Sunday, May 12, 2013

Navy Warrior Games Vet Shares His Story, Recovery

By Jason Kelly
Navy Live Blog

WASHINGTON, May 12, 2013 – Yesterday, members of Team Navy began sports competitions at the 2013 Warrior Games against other wounded, ill or injured service members and veterans from across the Army, Marine Corps, Air Force and Coast Guard at the U.S. Olympic Training Center and at the U.S. Air Force Academy in Colorado Springs, Colo.

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Retired Navy Petty Officer 2nd Class Sonny Lemerande, who’d served as a hospital corpsman and was wounded in Afghanistan, puts up a shot during basketball practice for the Navy's Warrior Games basketball team at State College, Pa., April 4, 2013 U.S. Navy photo by EJ Hersom

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Throughout the event, which concludes May 16, the service members and veterans will compete for the gold in adaptive sports of track and field, shooting, swimming, cycling, archery, wheelchair basketball and sitting volleyball.

Warrior Games wheelchair basketball athlete and retired Navy Petty Officer 2nd Class Sonny Lemerande, who’d served as a hospital corpsman and was wounded in Afghanistan, shares his story, his recovery, and what the Warrior Games mean to him.

Lemerande’s comments are as follows:

“This year marks my fourth Warrior Games. Once again, I will compete alongside other members of Team Navy in Colorado Springs. I have been part of the Warrior Games from the start. Every experience has been a big honor and very rewarding.

“However, it was the first Warrior Games in 2010 that made the most significant impact on my life.

“In 2009, during my second deployment as a Navy corpsman, I was wounded in Afghanistan. My Humvee hit a pressure plate anti-tank mine, injuring my right leg. Although I didn’t feel the effects until I returned home, my experiences in combat changed me and later brought about post-traumatic stress disorder. My wounds -- both visible and invisible -- still affect me today.

“A year after the incident, I was working a physical therapist in Twentynine Palms, Calif. I was pretty bitter. Every day, I met with service members who were ill or had been injured, but I thought anyone who wasn’t wounded in combat wasn’t truly a wounded warrior. I thought their struggles couldn’t really compare to what men and women were experiencing on the battlefield -- that made me angry.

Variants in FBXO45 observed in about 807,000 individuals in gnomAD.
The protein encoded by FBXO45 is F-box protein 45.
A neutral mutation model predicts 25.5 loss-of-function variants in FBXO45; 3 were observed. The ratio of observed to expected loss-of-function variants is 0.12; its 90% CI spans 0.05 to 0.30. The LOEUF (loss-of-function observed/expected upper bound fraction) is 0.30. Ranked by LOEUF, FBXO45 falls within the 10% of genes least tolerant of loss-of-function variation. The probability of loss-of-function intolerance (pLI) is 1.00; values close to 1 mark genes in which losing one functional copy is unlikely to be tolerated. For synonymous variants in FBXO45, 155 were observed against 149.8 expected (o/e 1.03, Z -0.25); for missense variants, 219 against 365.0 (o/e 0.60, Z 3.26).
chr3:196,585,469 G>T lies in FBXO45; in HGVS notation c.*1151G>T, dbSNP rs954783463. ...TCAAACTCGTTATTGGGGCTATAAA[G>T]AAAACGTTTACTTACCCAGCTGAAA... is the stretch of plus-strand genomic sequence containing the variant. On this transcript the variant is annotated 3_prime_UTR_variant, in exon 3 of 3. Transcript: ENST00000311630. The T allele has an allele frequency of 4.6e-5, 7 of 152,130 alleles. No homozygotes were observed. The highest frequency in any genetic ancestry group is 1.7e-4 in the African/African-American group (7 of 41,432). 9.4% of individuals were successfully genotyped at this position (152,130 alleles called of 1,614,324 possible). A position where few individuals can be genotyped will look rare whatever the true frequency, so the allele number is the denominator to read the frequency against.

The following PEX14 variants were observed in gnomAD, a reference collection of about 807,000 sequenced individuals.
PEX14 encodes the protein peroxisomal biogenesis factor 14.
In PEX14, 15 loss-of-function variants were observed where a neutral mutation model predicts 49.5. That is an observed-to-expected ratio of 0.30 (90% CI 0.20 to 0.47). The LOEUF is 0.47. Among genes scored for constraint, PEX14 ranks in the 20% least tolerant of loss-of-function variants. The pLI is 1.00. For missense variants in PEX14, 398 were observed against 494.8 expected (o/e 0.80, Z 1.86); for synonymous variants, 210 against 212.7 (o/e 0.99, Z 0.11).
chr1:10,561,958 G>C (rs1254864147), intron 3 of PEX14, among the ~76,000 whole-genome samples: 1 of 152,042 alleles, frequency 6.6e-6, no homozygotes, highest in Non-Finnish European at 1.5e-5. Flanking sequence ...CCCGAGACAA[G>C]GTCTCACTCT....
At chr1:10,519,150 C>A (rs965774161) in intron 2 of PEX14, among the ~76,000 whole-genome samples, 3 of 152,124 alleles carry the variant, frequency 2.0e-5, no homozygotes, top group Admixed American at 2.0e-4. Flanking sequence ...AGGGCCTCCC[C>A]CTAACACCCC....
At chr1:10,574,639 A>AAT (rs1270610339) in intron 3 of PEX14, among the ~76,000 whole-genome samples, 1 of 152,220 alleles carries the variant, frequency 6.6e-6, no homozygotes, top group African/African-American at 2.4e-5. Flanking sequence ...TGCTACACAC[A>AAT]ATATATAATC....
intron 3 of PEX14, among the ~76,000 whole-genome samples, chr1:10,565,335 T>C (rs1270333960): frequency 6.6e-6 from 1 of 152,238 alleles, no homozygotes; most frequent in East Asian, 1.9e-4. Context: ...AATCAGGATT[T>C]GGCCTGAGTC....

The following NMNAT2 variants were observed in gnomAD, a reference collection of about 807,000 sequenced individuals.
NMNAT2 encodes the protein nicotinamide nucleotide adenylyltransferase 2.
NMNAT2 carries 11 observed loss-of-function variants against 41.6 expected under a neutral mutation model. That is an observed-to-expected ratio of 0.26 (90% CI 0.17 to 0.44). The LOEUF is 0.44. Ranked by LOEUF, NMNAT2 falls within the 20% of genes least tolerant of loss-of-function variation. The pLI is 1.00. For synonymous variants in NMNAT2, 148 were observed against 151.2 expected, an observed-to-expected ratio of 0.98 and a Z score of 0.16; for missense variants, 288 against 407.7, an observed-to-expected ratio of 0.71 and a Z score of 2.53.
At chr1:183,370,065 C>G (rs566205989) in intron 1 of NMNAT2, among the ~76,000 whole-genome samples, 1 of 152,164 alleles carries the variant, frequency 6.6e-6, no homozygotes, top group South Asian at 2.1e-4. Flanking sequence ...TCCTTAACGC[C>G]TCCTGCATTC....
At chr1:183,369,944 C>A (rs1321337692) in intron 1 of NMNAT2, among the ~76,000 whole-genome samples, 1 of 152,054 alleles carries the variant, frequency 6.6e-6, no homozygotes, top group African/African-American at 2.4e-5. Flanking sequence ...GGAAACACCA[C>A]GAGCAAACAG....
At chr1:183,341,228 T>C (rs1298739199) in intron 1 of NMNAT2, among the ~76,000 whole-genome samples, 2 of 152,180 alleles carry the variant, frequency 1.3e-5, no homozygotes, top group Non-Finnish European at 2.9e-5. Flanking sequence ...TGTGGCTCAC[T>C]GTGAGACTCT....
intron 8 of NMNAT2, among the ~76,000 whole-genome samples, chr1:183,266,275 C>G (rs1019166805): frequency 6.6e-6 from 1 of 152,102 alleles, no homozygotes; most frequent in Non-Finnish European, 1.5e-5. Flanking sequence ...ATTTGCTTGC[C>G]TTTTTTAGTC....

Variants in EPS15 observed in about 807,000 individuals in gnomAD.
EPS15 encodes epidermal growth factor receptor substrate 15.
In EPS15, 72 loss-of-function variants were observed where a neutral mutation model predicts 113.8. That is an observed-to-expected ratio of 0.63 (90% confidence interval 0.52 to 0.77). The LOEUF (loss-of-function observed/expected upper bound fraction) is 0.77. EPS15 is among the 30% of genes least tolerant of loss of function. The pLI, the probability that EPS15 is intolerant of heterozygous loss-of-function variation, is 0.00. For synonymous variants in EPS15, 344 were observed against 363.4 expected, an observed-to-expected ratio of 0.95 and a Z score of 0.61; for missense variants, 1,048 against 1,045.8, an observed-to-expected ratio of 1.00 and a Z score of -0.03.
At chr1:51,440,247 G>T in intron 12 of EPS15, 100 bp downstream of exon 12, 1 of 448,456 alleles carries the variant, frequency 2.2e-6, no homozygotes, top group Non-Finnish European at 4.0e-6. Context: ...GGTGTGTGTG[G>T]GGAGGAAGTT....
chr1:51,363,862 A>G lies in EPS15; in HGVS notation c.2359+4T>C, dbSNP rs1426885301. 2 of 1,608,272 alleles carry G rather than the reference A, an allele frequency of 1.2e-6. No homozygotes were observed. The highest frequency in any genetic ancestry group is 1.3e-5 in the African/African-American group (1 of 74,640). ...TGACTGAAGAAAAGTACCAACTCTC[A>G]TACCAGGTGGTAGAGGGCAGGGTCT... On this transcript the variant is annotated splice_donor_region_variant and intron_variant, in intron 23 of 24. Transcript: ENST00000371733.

“The 2010 Warrior Games were very beneficial to me. They opened my eyes and helped me let go of some of those feelings. I met teammates -- like Jim Castaneda -- who altered my perspective about what it means to be a wounded warrior and to fight each day to make sure your illness or injury doesn’t get the better of you.

“Jimmy is a retired boatswain’s mate who suffered a stroke while his ship was underway near the Philippines. Though his recovery has sometimes been pretty tough, he always has a positive attitude no matter what obstacles he has to face. Jimmy cracks me up. I will never forget when he was playing seated volleyball at the Warrior Games -- he unexpectedly blocked a very hard spike and then was completely amazed by what he had done.

“That’s what the Warrior Games are like. They are a great rehabilitation tool for wounded warriors. They remind you that life’s not over just because you are ill or were injured. They show you that you can still surprise yourself.

“Adaptive athletics and programs like Navy Wounded Warrior - Safe Harbor have helped me cope. When things get difficult, attending the Warrior Games or a sports camp is a respite from life’s stresses. There, I can hang out with people who really understand me, and who have supported me for four of the most challenging years of my life.

“For that, I am so grateful.”

Niagara recieves artwork honoring military heritage

by Tech. Sgt. Andrew Caya
914th Airlift Wing Public Affairs

5/9/2013 - NIAGARA FALLS AIR RESERVE STATION, N.Y. -- A new display honoring American Veterans is slated to be added to the Heritage Room in the community activity center here.

Created by Vietnam Veteran Dan DeCrow, the piece titled "Never Forget Silhouette" pays respect to the war dead and veterans World War I to the present.

The silhouette has items representing the major conflicts of the last 100 years. An entrenching tool of World War I; pants bloused in boots and a canteen, symbolic of World War II; the type of helmet service members wore in the Korean War; and the M-16 carried by those in the jungles of Vietnam. The Silhouette is paying respect to the Kevlar helmet on top of a modern M-16 which symbolizes those who fought and died in the current War on Terror. Finally, there are empty dog tags, symbolizing the lack of space for the names of the men and women who died fighting for this country.

This is just one of many signs that DeCrow has made. When he completes them, he donates them to families who have lost loved ones in support of the nation's defense.